From now on, the Jefferson City park along the north bank of the Missouri River that includes the Conservation department's Noren Access will be known as "Joe Wilson's Serenity Point at Noren Access."
The Parks and Recreation Commission unanimously approved the name change Wednesday morning, during a special, 12-minute meeting.
Commission member Chris Wilson, who isn't related to Joe Wilson, made the name change motion, noting Joe Wilson had, as a private citizen, "dedicated countless hours working with the Jefferson City Parks and Recreation to create a gathering point for local families and friends, visitors, as well as the canoe, kayak, fishing and general river community."
Board member Bill Plank noted the decision recognized what people already have been calling the park.
"That's a huge testament," he said. "It really goes to show how much impact one individual can have. It's not just that land that he touched, but it's so many lives" in the community and nationally.
An email to the commission from Ken and Dee Landau of Kansas City praised Wilson's work in improving the area around the Noren Access, which the Conservation department opened to the public in June 2000 on city park land.
"We are canoe and kayak enthusiasts and have been visiting Noren Access via the Missouri River for over 10 years," the Landaus wrote. "Joe Wilson is single-handedly responsible for transforming the area around the boat ramp from a dismal location to a welcoming site of beauty and peacefulness.
"By pouring his heart and soul into creating this magnificent setting, Joe Wilson has not only been a terrific ambassador for Jefferson City but has created a reason to visit the City and to enjoy the natural beauty of the River and Noren Access."
The commission's vote came less than six hours after Wilson died following a several months battle with prostate and bladder cancers that had moved into his lungs, his son, Justin Wilson, told the News Tribune.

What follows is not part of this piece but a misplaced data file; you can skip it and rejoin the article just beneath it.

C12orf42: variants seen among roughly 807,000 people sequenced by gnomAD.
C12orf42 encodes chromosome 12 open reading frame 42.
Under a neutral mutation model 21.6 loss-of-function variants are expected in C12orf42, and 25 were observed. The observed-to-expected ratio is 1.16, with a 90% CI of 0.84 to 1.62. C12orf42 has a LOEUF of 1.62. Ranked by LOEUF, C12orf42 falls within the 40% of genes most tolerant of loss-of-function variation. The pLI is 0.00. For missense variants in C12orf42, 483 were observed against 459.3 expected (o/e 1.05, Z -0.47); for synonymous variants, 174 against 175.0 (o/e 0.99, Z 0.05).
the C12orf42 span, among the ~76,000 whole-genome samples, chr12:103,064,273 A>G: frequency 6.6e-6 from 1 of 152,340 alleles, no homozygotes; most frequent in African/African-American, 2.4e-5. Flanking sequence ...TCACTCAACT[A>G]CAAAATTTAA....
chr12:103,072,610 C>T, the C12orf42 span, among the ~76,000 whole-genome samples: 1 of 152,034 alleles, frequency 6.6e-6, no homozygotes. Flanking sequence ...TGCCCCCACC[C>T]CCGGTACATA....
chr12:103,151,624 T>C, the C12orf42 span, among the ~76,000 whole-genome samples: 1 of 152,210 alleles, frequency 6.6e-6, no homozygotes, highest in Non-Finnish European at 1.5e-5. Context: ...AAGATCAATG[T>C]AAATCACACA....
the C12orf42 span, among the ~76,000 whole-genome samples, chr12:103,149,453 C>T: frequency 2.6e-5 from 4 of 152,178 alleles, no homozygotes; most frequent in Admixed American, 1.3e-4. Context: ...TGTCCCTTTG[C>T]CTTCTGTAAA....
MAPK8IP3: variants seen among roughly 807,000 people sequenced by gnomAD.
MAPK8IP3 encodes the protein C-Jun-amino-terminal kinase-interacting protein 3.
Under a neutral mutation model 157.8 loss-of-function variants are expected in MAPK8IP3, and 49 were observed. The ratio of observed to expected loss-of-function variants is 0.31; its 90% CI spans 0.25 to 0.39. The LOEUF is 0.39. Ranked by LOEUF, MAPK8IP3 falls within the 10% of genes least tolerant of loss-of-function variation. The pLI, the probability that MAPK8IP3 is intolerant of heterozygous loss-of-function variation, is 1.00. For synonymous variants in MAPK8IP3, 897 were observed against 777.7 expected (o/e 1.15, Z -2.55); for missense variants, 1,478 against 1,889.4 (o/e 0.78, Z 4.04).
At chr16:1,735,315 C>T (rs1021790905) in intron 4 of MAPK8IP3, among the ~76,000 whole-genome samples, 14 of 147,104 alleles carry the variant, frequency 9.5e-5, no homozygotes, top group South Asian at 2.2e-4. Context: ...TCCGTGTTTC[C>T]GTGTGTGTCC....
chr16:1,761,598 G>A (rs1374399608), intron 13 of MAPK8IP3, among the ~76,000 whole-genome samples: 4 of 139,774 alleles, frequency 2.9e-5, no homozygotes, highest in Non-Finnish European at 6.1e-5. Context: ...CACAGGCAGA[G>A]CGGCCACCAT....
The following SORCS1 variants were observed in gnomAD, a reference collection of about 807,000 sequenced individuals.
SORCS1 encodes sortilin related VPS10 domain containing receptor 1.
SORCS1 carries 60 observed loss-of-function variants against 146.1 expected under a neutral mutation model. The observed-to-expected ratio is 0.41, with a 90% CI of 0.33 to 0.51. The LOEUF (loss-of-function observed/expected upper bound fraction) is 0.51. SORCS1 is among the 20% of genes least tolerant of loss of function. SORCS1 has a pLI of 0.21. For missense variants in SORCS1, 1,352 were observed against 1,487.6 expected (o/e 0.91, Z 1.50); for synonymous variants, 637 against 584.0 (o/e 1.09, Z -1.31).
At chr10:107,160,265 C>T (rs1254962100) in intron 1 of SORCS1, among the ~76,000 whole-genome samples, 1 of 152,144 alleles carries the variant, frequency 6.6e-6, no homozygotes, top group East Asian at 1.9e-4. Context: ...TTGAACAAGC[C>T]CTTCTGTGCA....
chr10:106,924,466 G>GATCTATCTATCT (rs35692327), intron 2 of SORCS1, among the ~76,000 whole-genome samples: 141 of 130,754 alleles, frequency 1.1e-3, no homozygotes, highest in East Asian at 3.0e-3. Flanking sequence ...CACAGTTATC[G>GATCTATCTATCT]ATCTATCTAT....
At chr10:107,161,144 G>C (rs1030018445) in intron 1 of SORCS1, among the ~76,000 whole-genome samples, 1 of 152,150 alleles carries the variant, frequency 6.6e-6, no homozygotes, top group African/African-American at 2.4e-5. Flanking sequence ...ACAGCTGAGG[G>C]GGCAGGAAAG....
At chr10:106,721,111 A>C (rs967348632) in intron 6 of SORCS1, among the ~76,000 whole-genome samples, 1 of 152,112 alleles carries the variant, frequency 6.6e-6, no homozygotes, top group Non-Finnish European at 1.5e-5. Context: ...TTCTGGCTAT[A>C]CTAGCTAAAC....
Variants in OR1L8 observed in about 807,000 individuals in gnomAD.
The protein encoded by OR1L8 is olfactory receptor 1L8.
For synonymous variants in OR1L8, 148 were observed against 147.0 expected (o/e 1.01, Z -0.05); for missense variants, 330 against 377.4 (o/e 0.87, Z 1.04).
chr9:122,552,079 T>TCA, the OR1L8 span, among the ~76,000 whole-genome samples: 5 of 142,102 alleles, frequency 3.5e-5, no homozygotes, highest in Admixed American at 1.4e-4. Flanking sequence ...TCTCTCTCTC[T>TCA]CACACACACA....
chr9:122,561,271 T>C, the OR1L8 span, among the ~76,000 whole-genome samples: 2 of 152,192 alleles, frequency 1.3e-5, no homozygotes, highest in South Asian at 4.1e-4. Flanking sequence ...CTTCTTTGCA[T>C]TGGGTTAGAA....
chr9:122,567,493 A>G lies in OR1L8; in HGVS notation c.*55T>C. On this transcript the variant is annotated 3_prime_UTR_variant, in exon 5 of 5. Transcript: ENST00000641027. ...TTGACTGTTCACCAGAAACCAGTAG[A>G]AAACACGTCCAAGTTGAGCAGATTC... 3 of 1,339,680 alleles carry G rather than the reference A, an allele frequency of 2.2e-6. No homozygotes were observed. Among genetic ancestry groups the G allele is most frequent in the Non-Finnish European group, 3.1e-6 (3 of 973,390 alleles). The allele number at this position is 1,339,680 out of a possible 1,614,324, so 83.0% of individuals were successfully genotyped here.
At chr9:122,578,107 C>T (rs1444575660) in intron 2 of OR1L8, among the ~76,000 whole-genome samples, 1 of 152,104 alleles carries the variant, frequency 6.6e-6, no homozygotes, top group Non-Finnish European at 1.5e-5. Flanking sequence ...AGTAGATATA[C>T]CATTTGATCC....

Justin Wilson and three of Joe's grandchildren told the commissioners they appreciated the name change.
Justin Wilson also said he and his brothers already have talked about making "efforts to get over there and make sure that place stays clean," which was one of Joe's biggest, self-appointed tasks.
Second Ward Councilman Rick Mihalevich told the board their vote "touches a lot of people who have been a part of the river."
Jennifer Battson Warren, Conservation's deputy director for business, told the commission in an email the department supported the renaming.
"The department rarely sees Joe's kind of commitment to the projects we help communities provide," she wrote. "It will be hard for anyone to argue that he had a deeply sincere interest in helping everyone connect with the river and the outdoors."
Commission Chairman Brad Bates added: "It's rare when you see a citizen who just grabs a project, with no ulterior motive other than his love of the thing he's working for — and won't take 'no' for an answer."
Steve Schnarr of Columbia, with the Missouri River Relief group — which spends a lot of time working to clean up the Missouri and its banks, and to appreciate the river's recreational uses — told the Parks and Recreation commissioners: "We work in all kinds of communities, from St. Louis to Omaha.
"And there's no (other) place where some person has just dived in because they wanted people to enjoy the river. There's no place like it anywhere — you guys are lucky as a community."
There's a section of a big, dead tree on the river bank children visiting "Serenity Point" often climb on, Schnarr noted, reminding the board that Wilson saw that tree floating in the Missouri and "hauled it up with his boat because, 'Kids might climb on that.'"
Several people shared similar comments on a Facebook page dedicated to "Wilson's Serenity Point."
J.J. Gates, the Park Resources & Forestry division director, worked with Joe Wilson on several projects over the years.
Sooner or later, he said, everybody had run-ins with Wilson.
"We often didn't move fast enough to suit him," Gates said.
Gates first worked with Joe Wilson when he was trying to convert the old Cedar City School into a shelter for rescued animals, a decade ago.
In addition to cleaning up and "decorating" the park land next to the boat ramp, Wilson actively promoted a walking trail in the area which also had been a part of the Chamber of Commerce's "Transformation" project.
While others, including former school board member Alan Mudd, helped raise money for it, Wilson was a constant presence as the Parks department staff planned it.
"He knew the lay of the land — what people did and how they used the place," Gates explained. "We listened to him.
"We probably didn't put it in exactly where he thought it should go."
People should remember Wilson most for his promoting the park and his love of dogs, Gates said.
Parks Director Todd Spalding said they're still developing a timeline for when the name change will be shown in signs or a plaque at the park.
Justin Wilson agreed his father "bumped heads with a lot of people — but he still had a heart of gold."
He reminded the board his father's usual parting words were: "See you at the river."
See also: Joe Russell Wilson obituary